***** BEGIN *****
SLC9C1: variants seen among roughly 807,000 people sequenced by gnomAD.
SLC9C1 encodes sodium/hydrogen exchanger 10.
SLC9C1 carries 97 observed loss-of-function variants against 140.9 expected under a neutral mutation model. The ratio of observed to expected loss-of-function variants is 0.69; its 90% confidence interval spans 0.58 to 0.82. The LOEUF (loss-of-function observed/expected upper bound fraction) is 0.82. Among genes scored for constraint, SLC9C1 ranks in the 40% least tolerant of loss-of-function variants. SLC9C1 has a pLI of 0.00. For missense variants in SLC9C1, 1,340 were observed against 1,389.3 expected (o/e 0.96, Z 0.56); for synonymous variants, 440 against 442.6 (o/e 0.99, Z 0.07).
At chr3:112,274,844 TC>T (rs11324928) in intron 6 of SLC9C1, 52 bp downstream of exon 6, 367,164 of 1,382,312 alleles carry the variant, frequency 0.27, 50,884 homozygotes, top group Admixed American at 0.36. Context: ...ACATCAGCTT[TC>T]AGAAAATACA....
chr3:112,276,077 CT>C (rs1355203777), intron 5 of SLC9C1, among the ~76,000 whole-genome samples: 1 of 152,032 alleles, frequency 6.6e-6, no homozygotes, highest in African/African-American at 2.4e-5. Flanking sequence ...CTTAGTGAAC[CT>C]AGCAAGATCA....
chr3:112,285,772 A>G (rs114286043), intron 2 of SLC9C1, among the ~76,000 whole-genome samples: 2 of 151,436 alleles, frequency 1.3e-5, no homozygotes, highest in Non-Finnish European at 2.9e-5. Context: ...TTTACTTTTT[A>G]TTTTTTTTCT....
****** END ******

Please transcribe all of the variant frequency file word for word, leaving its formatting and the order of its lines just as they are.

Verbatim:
SLC9C1: variants seen among roughly 807,000 people sequenced by gnomAD.
SLC9C1 encodes sodium/hydrogen exchanger 10.
SLC9C1 carries 97 observed loss-of-function variants against 140.9 expected under a neutral mutation model. The ratio of observed to expected loss-of-function variants is 0.69; its 90% confidence interval spans 0.58 to 0.82. The LOEUF (loss-of-function observed/expected upper bound fraction) is 0.82. Among genes scored for constraint, SLC9C1 ranks in the 40% least tolerant of loss-of-function variants. SLC9C1 has a pLI of 0.00. For missense variants in SLC9C1, 1,340 were observed against 1,389.3 expected (o/e 0.96, Z 0.56); for synonymous variants, 440 against 442.6 (o/e 0.99, Z 0.07).
At chr3:112,274,844 TC>T (rs11324928) in intron 6 of SLC9C1, 52 bp downstream of exon 6, 367,164 of 1,382,312 alleles carry the variant, frequency 0.27, 50,884 homozygotes, top group Admixed American at 0.36. Context: ...ACATCAGCTT[TC>T]AGAAAATACA....
chr3:112,276,077 CT>C (rs1355203777), intron 5 of SLC9C1, among the ~76,000 whole-genome samples: 1 of 152,032 alleles, frequency 6.6e-6, no homozygotes, highest in African/African-American at 2.4e-5. Flanking sequence ...CTTAGTGAAC[CT>C]AGCAAGATCA....
chr3:112,285,772 A>G (rs114286043), intron 2 of SLC9C1, among the ~76,000 whole-genome samples: 2 of 151,436 alleles, frequency 1.3e-5, no homozygotes, highest in Non-Finnish European at 2.9e-5. Context: ...TTTACTTTTT[A>G]TTTTTTTTCT....